Let’s Re-Open TANAMUR, NOT the Stadium!

Intrigued at the apparent arrogance  indicated by the rumoured re-opening of the Stadium, that horrible den in North Jakarta, which was ordered closed by Governor Ahok only a month or so ago, I checked out the news links and found that   http://megapolitan.kompas.com/read/2014/08/15/16321171/Bekas.Diskotek.Stadium.Dijaga.24.Jam the ghastly dive is still shut, the seal of the Provincial Government of Jakarta still plugged into its brown tiled walls.

Ahok has posted guards, and one of them,  Pujiman, told reporters they’re on 24 hour duty . ” As long as it takes, we’re here awaiting orders. “

  • Everyone knew what went on there, and Ahok, unlike many other Jakarta leaders, had the guts to act, attracting opprobrium from all sorts of weirdo media creeps.

But there’s big money in drugs, and I’m sure powerful forces are at work to thwart him.

 I went to the Stadium once, and that was more than enough, a hellish place, dark as a dungeon, hideous jungle music, deafening.  

But I know some people liked it. Up to them, but nobody should think any disco, or bar, or public park, for that matter, is a no-go area for law-breakers. 

Ahok was perfectly within his rights to close it odwn, and he had perfectly good reason to do so.

That was not the case with a well-loved disco now long gone, the world-famous Tanamur. It’s – was – located hardly a stone’s throw from the HQ of the IslamoNazi FPI gang, but that was not what brought about its downfall.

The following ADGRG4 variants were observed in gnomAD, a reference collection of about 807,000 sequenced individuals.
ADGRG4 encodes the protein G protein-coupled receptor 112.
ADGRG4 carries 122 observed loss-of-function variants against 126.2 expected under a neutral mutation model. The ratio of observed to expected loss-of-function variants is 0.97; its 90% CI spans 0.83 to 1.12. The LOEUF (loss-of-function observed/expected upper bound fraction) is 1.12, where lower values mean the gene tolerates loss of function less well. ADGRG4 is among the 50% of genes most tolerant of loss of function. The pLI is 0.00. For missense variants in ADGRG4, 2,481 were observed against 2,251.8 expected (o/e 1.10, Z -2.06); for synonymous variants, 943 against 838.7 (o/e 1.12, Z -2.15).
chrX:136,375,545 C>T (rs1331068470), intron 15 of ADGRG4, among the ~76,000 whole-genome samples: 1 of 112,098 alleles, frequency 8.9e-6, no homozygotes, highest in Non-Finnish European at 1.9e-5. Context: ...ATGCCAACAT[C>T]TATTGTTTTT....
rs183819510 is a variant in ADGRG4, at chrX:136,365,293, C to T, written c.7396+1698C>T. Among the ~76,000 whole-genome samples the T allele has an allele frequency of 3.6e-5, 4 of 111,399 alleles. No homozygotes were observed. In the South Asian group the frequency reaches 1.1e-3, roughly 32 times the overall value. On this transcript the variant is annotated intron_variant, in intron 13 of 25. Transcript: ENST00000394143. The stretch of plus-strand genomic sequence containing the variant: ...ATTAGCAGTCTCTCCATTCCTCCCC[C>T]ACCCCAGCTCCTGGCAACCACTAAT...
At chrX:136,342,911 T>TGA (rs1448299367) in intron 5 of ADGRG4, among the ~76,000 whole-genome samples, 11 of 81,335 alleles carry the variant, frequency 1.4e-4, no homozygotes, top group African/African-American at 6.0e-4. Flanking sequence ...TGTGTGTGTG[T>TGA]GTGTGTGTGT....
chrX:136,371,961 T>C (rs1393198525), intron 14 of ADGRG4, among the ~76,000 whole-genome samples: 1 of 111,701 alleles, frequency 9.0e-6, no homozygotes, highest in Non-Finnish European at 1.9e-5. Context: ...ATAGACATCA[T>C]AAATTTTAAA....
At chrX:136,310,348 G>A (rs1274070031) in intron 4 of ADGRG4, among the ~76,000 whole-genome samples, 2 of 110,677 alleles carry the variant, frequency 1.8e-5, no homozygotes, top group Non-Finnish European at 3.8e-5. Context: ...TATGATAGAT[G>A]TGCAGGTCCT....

Instead, a most iniquitous situation was to blame, according to those more au fait with events than I..

A splendid new mosque was constructed – again barely a stone’s throw away.

Now if a mosque, or a church or any house of worship, had been used for years by the faithful, and suddenly plans were announced to build a noisy disco nearby, I could see the case for the congregation to lodge objections with the authorities. Disturbance nd disruption would be a serious potential problem. 

But Tanamur was there first!  

So a triumph, the first of many, for intolerance.

 I went back along that road recently, during the Idul Fitri holidays.  The idea was to take a photo of the KPU, where so much election aggro has been centred, but since I was out on the loose with the camera, I of course snapped away. I seem to recall coming along that KPU street 15 years ago, one night, morning rather, heading home from Tanamur.



tanamur corner

tanamur corner

All that’s left of Tanamur


But then getting home from Tanamur (a task generally undertaken around 3am) was always something one ‘seemed to recall,’ given that beer was consumed there and sometimes one’s journey home included a take-away-  whose chatter distracted attention towards her and away from the buildings passed!


Now it’s a desolate scene. The building remains, it’s glorious old name etched in the concrete, but nothing more.  I’d been back before, a year or two ago, and had hoped it might at least have been turned into a cafe or something interesting.

But no.

Sic transit gloria mundi.